Coronavirus: What's happening in Canada and around the world on Sunday

Canada is seeing "steady declines" in COVID-19 cases, but the country's chief public health officer is urging Canadians to stay vigilant in the face of more contagious coronavirus variants.

Sask. says it will lift all COVID-19 restrictions by July 11 — including mask mandate

Jerry Sopatyk receives the Pfizer-BioNTech COVID-19 vaccine at the Saskatoon Tribal Council-run vaccination clinic inside SaskTel centre in Saskatoon on April 15. Saskatchewan's government said it will lift all public health measures by July 11 — including the mandatory masking and gathering size limits — even though the province hasn't reached its final COVID-19 vaccination target. (Kayle Neis/The Canadian Press)

The latest:

  • Canada to announce easing of some travel restrictions contingent on vaccination.
  • Fully vaccinated woman dies of COVID-19 at Ont. long-term care home.
  • Sask. says it will lift all public health measures by July 11 — including mask mandate.
  • Ont., Que. scale back administration of Pfizer vaccine for now amid delay.
  • Have a coronavirus question or news tip for CBC News? Email:

Canada is seeing "steady declines" in COVID-19 cases, but the country's chief public health officer is urging Canadians to stay vigilant in the face of more contagious coronavirus variants.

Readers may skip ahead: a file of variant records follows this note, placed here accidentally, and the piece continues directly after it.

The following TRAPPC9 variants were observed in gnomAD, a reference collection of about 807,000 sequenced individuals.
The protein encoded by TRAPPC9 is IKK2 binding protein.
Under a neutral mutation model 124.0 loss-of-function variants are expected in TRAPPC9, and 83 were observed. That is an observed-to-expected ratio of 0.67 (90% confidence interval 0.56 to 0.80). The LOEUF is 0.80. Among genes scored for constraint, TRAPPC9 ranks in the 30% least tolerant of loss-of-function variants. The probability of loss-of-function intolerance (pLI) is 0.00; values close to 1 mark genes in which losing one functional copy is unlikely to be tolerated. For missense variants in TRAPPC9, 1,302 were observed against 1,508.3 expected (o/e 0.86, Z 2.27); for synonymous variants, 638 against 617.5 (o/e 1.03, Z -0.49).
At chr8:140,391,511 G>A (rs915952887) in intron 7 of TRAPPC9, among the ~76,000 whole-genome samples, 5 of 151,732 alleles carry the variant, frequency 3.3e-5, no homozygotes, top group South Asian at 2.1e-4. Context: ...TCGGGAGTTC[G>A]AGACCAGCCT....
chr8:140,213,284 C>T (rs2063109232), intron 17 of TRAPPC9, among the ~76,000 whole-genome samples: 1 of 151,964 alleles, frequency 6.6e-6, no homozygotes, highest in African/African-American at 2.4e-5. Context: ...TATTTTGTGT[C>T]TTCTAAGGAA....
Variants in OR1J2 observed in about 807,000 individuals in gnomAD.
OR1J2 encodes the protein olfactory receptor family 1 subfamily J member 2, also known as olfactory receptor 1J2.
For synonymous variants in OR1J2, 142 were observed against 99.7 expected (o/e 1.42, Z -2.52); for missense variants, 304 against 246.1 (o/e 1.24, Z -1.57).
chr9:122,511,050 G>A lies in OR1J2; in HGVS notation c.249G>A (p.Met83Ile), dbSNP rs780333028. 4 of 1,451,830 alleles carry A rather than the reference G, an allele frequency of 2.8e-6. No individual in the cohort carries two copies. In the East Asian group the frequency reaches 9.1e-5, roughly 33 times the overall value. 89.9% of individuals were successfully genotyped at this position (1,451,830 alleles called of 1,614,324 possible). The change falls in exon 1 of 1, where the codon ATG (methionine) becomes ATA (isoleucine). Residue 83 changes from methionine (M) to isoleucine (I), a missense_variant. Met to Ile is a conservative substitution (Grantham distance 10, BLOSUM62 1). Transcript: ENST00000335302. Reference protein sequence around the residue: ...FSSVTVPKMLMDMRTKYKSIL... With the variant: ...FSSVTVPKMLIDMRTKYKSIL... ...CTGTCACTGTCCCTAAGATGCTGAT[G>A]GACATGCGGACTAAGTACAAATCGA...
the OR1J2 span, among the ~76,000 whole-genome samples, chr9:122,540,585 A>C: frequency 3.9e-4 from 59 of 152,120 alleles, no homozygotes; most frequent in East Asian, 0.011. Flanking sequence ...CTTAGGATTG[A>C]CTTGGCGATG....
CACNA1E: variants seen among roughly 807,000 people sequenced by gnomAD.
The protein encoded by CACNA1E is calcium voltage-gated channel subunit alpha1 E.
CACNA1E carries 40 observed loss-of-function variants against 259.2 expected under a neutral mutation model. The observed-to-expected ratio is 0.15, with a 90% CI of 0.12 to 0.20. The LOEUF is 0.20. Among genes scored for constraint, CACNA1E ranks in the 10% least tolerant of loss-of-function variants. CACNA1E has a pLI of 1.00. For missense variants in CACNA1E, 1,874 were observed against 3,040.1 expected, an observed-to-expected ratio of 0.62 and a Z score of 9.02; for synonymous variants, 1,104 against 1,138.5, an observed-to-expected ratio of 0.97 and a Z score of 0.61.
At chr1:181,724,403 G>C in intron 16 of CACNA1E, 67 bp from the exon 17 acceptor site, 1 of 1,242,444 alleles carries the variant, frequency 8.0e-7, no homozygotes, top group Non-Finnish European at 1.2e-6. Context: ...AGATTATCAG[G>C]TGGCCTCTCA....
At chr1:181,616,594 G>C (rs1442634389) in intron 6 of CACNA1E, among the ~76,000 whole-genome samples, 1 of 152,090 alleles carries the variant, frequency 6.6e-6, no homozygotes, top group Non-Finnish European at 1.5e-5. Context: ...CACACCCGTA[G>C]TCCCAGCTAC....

"This virus is nimble & quick and loves a niche to play another trick," Dr. Theresa Tam said on Twitter on Sunday.

Tam said Saturday that the more infectious delta variant has surged by 66 per cent over the past week, and on Sunday added that "there are still areas in Canada with high incidence >200 cases/100,000 population."

"We can't let the steady declines in disease activity lull us into a sense that the job is done," she said.

"Perseverance and our two lines of defence will see us through: 1. Keeping up individual/public health measures 2. Getting Vaccination Coverage high."

So far, more than 20 per cent of eligible Canadians are fully vaccinated and more than 75 per cent have received at least one dose.

Tam has previously said that provinces should begin to lift public health restrictions only once 75 per cent of all adults have had at least one vaccine dose and 20 per cent are fully vaccinated.

Some provincial governments are doing just that.

Saskatchewan's government said it will lift all public health measures by July 11 — including the mandatory masking and gathering size limits — even though the province hasn't reached its final COVID-19 vaccination target.

People line up at a mobile COVID-19 vaccination site in Regina on Thursday. (Matt Howard/CBC)

Currently, 70 per cent of residents over the age of 18 have received their first dose, but only 69 per cent of all residents 12 and older got their first shots.